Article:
Dan Ariely’s PREDICTABLY IRRATIONAL: The Hidden Forces That Shape Our Decisions (Harper 2008) is one of the earliest popular books that summarizes various findings of experimental psychology in recent decades that reveal the biases of human nature.

Key point: traditional economics assumed that people are rational individuals. But in fact, humans are not only irrational, they are irrational in predictable, systematic ways.

The thirteen chapters explore examples, in the Malcolm Gladwell mode of telling stories and drawing conclusions (though without much underlying interest in the mechanisms that explains *why* we behave like this, e.g in terms of evolutionary psychology; there are other books for that). Here’s one bullet per chapter summary.

  • Everything is relative: how subscription forms plant decoys, or surveys anchor with photos of handsome students or houses. We make choices based on comparisons, not by any absolute standards. How to control this? Reduce the circle of comparison. Realize that the more we have, the more we want; so consciously reduce one’s expectations.
  • The fallacy of supply and demand. How to increase the demand by simply raising the price. People imprint on the first idea they see: anchoring. The initial anchors can be arbitrary. Thus: realize that life decisions may be based on ‘arbitrary coherence’ – contingencies, randomness. And so question such decisions. And: “a free market based on supply, demand, and no friction would be the ideal if we were truly rational. Yet when we are not rational but irrational, policies should take this important factor into account.” P48.
  • The cost of zero cost: it’s fun to get free stuff, and so Amazon sales boomed when they offered free shipping, and cars sold better with deals for free oil changes. So apply this to social policy: make wise preventable measures free.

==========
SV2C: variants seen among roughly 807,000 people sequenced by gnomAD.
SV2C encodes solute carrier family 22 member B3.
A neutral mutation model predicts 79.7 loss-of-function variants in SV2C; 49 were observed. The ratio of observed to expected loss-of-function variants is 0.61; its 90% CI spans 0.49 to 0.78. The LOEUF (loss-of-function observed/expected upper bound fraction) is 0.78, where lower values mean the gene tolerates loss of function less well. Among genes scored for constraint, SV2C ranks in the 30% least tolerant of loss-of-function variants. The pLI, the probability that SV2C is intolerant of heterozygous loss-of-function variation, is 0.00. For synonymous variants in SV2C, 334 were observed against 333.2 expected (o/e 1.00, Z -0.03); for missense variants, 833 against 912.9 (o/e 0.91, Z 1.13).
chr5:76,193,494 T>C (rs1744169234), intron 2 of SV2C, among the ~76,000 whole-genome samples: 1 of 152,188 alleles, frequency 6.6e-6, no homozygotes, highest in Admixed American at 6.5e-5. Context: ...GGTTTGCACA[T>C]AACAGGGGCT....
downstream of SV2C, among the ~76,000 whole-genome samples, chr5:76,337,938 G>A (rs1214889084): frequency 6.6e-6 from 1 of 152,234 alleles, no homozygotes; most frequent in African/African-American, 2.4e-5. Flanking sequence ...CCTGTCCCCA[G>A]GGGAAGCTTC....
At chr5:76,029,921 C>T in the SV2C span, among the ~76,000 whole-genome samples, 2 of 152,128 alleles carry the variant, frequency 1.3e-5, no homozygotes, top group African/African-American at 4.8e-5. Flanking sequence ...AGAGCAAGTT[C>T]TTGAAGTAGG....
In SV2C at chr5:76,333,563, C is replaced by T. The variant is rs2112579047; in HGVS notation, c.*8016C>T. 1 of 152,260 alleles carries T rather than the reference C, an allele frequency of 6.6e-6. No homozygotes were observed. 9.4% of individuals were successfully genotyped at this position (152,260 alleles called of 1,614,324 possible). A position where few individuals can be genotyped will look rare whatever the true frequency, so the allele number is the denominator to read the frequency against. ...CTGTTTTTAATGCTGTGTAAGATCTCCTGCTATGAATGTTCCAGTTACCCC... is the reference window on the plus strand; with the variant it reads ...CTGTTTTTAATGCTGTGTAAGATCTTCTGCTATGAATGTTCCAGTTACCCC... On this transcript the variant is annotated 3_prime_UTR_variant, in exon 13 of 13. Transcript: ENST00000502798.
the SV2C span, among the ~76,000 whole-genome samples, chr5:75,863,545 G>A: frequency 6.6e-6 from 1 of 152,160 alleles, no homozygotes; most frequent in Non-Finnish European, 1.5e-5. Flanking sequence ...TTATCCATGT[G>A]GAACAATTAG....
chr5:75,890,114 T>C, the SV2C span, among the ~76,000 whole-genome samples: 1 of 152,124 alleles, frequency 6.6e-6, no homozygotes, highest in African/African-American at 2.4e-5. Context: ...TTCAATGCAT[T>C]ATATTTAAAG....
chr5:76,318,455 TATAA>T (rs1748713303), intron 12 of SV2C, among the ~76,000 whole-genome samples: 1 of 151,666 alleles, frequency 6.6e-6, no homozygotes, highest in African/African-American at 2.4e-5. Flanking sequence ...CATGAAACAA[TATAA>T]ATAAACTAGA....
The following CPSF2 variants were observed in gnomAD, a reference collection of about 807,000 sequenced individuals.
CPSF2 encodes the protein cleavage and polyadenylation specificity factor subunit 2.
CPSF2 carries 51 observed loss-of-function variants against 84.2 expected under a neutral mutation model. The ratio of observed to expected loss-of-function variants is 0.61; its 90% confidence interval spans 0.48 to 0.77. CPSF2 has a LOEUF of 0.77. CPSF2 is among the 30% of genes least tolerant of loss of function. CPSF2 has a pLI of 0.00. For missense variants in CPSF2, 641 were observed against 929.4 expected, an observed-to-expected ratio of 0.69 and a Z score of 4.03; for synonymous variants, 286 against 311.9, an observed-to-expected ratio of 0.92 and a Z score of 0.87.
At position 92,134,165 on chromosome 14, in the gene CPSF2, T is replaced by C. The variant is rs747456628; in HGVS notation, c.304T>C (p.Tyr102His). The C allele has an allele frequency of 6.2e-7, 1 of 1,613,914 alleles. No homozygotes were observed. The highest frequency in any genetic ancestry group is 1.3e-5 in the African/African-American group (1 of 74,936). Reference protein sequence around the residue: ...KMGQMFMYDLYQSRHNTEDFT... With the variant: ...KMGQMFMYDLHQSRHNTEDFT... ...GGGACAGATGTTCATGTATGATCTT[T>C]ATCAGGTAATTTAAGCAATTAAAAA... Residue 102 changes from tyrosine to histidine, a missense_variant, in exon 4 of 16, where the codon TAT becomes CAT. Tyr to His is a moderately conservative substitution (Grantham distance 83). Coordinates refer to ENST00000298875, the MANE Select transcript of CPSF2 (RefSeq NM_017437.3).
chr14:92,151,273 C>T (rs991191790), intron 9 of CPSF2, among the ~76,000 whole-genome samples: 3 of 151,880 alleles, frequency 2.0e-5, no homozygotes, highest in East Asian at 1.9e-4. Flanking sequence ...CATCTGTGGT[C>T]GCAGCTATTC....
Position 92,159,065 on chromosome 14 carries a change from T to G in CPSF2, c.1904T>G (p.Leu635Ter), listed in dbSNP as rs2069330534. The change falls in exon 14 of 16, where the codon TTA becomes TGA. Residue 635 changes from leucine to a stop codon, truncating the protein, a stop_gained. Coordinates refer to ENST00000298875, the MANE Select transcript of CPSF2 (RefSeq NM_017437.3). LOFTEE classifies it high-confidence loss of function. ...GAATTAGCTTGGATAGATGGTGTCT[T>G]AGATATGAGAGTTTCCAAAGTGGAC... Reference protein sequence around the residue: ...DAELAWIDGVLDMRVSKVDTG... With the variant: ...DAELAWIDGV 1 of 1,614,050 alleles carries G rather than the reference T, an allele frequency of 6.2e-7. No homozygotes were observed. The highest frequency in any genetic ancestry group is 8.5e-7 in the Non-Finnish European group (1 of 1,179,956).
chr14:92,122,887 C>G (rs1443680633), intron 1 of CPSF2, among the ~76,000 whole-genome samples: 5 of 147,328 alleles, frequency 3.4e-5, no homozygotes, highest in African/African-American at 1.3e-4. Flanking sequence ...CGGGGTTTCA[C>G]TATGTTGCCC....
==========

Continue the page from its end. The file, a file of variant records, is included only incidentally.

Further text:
• The cost of social norms. We’re happy to do things, but not when we’re paid to do them, e.g. working for a cause rather than for cash. Fining parents for being late to pick up their kids made the problem worse, because it removed the social obligation factor and reduced it to a cash transaction. So: Education might be enhanced by switching to social goals, rather than focusing on taking tests. Example of Burning Man, and its gift exchange economy.
  • The influence of arousal. We take greater risks when aroused or angry, confirmed in psychology tests. So: take this into account in advance; carry condoms, even if pledging to say no; don’t drive or make decisions when upset.
  • The problem of procrastination and self-control. Over and over again experiments show that people put things off – even when allowed to set their own deadlines in advance! Solutions: force commitment in advance, e.g. regulations to enforce health checkups; how auto makers bundle maintenance into periodic service checks. [Everyone does this now.]
  • The high price of ownership – why we overvalue what have. An experiment with basketball tickets given by lottery; once the winners had their tickets, how much would they take to sell them? Vs. how much would those who didn’t get them pay to get one? The former valued them much more. When we have something, especially if we’ve put work into it (like assembling Ikea furniture) we value it more. Similar comments about ownership of ideas, and why we’re reluctant to change our minds; ideologies. (No cure for this, except to try considering transactions from the POV of a non-owner.)